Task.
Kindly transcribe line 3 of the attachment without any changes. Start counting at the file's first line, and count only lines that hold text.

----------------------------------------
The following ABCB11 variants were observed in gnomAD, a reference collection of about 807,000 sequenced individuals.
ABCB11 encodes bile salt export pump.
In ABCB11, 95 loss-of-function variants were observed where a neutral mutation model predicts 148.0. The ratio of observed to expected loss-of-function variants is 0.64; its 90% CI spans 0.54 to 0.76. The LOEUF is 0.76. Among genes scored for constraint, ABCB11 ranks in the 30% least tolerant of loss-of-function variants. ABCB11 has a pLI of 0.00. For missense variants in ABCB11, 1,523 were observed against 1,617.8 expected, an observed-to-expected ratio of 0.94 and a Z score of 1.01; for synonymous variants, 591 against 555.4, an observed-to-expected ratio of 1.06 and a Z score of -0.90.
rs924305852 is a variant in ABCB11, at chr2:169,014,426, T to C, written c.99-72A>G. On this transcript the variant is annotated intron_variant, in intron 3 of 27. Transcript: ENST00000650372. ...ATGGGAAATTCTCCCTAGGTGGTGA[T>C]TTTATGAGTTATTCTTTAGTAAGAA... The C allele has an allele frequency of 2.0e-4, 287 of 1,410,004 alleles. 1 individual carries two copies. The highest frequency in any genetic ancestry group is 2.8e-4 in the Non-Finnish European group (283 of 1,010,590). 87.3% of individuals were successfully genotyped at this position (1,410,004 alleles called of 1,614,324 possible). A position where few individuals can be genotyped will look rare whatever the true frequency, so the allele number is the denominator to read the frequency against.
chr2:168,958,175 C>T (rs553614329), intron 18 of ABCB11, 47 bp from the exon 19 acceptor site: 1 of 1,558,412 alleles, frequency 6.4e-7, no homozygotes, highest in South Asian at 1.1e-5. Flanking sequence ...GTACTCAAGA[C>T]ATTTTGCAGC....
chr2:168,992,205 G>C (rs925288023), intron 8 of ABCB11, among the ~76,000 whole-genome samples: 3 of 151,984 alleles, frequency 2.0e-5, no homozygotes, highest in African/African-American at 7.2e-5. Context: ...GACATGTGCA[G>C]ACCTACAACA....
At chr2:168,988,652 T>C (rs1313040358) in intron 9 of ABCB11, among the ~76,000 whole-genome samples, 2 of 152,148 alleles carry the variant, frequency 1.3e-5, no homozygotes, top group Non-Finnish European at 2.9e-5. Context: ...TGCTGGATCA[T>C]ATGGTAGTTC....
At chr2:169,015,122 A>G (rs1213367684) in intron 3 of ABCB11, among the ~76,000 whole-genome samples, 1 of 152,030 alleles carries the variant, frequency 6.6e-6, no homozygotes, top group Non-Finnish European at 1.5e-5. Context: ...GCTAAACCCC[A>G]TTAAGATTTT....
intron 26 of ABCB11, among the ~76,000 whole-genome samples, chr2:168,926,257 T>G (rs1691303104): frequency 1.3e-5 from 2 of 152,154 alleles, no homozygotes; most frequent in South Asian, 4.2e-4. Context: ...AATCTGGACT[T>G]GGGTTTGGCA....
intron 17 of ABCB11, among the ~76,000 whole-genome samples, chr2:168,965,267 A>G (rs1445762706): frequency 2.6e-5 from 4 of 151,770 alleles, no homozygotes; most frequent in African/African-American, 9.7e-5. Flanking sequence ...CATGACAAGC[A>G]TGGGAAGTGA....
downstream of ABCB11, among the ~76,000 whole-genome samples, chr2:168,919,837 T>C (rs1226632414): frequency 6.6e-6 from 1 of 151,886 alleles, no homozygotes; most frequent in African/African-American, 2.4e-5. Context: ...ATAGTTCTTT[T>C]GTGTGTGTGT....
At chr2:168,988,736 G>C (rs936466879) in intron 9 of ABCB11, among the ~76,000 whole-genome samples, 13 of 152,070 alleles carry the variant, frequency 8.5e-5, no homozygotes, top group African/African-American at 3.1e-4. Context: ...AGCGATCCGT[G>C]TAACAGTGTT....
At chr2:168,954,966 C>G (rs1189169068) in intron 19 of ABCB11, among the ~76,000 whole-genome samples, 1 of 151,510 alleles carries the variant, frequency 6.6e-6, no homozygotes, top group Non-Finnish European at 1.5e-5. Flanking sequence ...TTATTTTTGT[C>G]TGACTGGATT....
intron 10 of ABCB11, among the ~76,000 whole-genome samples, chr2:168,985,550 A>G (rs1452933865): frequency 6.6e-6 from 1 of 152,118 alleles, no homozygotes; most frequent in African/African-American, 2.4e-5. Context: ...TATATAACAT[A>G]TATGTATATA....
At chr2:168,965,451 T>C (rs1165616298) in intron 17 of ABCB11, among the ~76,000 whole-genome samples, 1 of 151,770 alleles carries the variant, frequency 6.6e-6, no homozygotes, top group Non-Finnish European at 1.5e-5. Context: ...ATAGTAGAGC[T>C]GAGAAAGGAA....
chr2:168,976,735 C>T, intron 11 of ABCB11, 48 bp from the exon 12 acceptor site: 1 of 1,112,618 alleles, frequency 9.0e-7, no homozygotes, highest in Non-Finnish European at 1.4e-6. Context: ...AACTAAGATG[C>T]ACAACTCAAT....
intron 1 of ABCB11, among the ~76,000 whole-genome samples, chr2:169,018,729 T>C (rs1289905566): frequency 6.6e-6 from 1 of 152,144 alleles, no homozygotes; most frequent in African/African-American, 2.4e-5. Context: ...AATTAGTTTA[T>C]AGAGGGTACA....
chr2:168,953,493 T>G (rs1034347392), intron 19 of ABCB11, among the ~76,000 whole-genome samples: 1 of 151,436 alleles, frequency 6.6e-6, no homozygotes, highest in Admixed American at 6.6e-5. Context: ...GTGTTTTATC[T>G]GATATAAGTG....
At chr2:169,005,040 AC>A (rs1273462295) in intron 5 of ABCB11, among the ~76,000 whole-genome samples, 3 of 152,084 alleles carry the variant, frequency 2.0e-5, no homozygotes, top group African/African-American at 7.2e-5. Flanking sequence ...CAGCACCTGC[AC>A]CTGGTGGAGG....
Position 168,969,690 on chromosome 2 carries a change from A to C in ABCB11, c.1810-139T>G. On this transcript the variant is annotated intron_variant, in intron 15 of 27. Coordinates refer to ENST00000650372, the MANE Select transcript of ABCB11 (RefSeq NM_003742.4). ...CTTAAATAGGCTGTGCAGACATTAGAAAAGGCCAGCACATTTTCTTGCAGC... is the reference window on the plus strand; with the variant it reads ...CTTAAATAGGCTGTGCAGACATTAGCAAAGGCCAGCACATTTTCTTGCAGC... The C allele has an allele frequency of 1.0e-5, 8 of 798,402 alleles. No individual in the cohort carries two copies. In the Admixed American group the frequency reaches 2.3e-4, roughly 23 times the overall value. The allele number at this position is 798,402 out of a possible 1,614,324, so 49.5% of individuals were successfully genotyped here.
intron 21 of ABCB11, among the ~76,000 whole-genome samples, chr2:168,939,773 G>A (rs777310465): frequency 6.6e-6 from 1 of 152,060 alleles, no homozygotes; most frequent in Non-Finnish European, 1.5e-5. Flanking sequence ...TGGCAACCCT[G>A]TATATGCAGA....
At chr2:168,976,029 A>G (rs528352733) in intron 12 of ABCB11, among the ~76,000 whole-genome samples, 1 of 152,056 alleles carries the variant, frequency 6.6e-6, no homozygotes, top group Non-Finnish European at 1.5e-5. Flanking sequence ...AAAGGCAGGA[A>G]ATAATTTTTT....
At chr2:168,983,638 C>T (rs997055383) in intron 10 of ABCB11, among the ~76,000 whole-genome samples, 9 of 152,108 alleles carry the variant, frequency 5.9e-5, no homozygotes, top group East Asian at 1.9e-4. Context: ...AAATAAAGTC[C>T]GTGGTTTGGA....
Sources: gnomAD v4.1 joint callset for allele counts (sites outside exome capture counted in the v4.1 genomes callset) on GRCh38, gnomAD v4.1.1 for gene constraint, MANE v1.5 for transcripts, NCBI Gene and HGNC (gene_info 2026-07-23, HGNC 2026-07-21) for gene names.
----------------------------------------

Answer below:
In ABCB11, 95 loss-of-function variants were observed where a neutral mutation model predicts 148.0. The ratio of observed to expected loss-of-function variants is 0.64; its 90% CI spans 0.54 to 0.76. The LOEUF is 0.76. Among genes scored for constraint, ABCB11 ranks in the 30% least tolerant of loss-of-function variants. ABCB11 has a pLI of 0.00. For missense variants in ABCB11, 1,523 were observed against 1,617.8 expected, an observed-to-expected ratio of 0.94 and a Z score of 1.01; for synonymous variants, 591 against 555.4, an observed-to-expected ratio of 1.06 and a Z score of -0.90.